But when he moved further north in his native Florida, away from prime fishing waters, “…I found myself lacking an unhealthy obsession, a perilous state for a writer.” A contractor working on Hiaasen’s new house finally talks the author into playing nine: “…and to this day I truly believe he meant no harm….”

Hiaasen dips his toes gingerly back into the game, but we know how that goes. He fires off enough of those rare sparks of brilliance that he’s sucked in completely. Before long this seemingly intelligent adult has gone down the rabbit hole, buying new clubs, ordering a Q-Link to eliminate stress, downing Mind Drive capsules to improve his focus, reading Rotella, Leadbetter, Penick, Hogan’s five lessons….

None of it much helps and Hiaason even manages to sink a golf cart in a pond in the wobbly course of his misadventures. Therein lies the appeal of the book, at least to any duffer who will all too easily recognize the mental torments Hiaason inflicts upon himself. There are no torments in reading about them, but plenty of laughs.

True, excellent golfers may be mystified. As Hiaasen realizes, “With mediocrity as my only personal frame of experience, I have no conception of how it must feel for a really good golfer to hit a really bad shot. I do, however, know how it feels for a hacker to hit a good one. It feels great!”

And with a surprisingly poignant ending, I think the book will make most readers feel pretty good, too.


Player's Guide to the Rules jpgOption three was to start studying the hot new title out from the USGA and the R&A, the Player’s Edition of the Rules of Golf, which introduces the everyday golfer to the new rules which became effective as of January 1.

This tiny 168-page book, smaller than some scorecards I’ve seen lately, may not exactly be a page-turner, but it does have some interesting new plot twists.

For example, a friend of mine lost a match recently because of a double hit on a bunker shot. This year the old T.C. Chen shot, as it has come to be known, will count as only one stroke (Rule 10.1a).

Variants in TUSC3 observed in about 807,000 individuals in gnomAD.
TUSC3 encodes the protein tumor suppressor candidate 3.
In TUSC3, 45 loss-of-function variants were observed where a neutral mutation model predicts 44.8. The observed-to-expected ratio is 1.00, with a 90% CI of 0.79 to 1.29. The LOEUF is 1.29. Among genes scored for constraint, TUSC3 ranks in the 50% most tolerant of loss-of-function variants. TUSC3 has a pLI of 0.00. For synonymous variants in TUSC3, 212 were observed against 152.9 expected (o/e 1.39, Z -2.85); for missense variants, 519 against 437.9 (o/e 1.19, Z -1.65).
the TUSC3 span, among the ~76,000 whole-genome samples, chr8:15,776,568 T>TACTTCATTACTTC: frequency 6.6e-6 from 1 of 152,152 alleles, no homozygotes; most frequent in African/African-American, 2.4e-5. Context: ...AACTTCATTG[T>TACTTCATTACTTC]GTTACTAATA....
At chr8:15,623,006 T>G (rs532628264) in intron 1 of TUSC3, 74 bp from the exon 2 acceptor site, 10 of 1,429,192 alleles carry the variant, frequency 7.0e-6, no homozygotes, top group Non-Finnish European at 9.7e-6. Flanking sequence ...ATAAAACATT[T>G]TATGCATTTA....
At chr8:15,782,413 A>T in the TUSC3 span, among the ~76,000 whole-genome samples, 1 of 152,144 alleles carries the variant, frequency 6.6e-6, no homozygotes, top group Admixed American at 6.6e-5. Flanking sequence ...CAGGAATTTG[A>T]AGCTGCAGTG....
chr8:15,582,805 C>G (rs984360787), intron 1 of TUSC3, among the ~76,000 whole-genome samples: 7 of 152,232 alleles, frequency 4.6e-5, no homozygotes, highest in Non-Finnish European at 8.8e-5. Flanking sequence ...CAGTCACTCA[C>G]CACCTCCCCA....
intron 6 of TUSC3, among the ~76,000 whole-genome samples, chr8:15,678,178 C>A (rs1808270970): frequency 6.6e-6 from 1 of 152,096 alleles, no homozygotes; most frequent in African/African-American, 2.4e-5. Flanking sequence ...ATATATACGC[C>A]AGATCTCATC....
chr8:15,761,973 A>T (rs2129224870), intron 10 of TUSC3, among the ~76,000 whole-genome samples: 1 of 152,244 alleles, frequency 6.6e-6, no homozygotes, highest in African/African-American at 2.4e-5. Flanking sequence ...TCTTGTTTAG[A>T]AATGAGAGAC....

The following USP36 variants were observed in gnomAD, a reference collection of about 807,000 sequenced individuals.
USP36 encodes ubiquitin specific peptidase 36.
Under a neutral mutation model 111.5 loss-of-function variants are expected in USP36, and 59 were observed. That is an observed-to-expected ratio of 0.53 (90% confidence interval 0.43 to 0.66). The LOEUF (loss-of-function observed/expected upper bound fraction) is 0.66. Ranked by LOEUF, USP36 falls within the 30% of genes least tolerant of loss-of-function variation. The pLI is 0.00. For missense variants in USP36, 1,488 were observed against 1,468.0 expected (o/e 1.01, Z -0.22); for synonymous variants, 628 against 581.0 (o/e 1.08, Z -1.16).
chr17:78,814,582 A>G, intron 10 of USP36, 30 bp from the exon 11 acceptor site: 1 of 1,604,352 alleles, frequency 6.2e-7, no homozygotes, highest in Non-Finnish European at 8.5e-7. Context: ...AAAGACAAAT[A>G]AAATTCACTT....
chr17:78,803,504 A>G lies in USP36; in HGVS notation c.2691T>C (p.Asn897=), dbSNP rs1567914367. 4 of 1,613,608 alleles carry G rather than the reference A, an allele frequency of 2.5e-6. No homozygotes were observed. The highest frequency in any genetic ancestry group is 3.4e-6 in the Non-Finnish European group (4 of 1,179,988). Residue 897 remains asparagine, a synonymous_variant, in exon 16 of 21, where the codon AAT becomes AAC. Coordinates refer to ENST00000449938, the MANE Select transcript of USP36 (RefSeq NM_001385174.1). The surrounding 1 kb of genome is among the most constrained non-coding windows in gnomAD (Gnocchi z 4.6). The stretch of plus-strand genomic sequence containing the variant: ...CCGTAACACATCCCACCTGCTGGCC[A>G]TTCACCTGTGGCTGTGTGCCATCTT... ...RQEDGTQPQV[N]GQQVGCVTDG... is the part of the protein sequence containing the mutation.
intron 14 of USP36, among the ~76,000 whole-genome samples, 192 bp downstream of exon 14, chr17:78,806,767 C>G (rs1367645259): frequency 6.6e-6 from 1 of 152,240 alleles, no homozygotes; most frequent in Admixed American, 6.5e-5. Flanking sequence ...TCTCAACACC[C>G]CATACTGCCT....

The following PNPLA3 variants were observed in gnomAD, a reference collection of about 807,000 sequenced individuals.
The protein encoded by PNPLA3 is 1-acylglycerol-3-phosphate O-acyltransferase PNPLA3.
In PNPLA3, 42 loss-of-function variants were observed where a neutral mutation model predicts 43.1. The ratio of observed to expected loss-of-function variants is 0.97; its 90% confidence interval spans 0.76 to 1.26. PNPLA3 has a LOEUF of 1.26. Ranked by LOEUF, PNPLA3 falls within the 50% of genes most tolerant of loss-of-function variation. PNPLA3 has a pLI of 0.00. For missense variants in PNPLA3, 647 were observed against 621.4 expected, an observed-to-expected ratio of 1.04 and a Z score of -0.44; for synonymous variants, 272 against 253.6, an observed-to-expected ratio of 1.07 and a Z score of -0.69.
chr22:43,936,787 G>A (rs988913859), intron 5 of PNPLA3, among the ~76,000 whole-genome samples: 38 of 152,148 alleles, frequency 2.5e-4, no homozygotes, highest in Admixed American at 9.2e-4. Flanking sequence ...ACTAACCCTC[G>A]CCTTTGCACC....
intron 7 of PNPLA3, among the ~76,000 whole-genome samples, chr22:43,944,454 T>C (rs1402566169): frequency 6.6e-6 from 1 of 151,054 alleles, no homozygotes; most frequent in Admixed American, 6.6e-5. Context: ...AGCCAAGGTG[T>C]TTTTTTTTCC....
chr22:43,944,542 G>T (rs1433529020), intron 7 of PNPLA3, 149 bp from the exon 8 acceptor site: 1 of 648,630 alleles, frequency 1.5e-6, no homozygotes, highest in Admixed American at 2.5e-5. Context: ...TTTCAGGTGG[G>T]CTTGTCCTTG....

Hey, it was an accident, why penalize a player for the extra hit, which in all probability didn’t improve matters anyway? It was that kind of thinking that went into the new rules changes that the sport’s two governing bodies have been working on since 2012—the hope of making the rules easier to understand while lending to practices that could make the game more appealing to others and also improve pace of play.

Whether all that will happen remains to be seen. I’m still struggling to comprehend rules 17-19, about taking penalty relief. But aside from the double hit change players will now be taking all their relief drops from knee- rather than shoulder-height, flagsticks may remain in the hole even while one is putting on the green, and you can even touch your club to the sand in bunkers—to rest, say—as long as you’re not testing the condition of the sand.

2018 Golf Oklahoma Oct-NovThe Player’s Edition is not the full set of Rules, but it’s enough to keep most of us going; tournament organizers will want the full set. Both are available digitally from, but a copy of the Player’s Edition ready to slip right into your golf bag is now free for the asking from USGA Publications. Might as well ask.

* This piece first appeared in the Oct.-Nov. 2018 issue of Golf Oklahoma in slightly different form.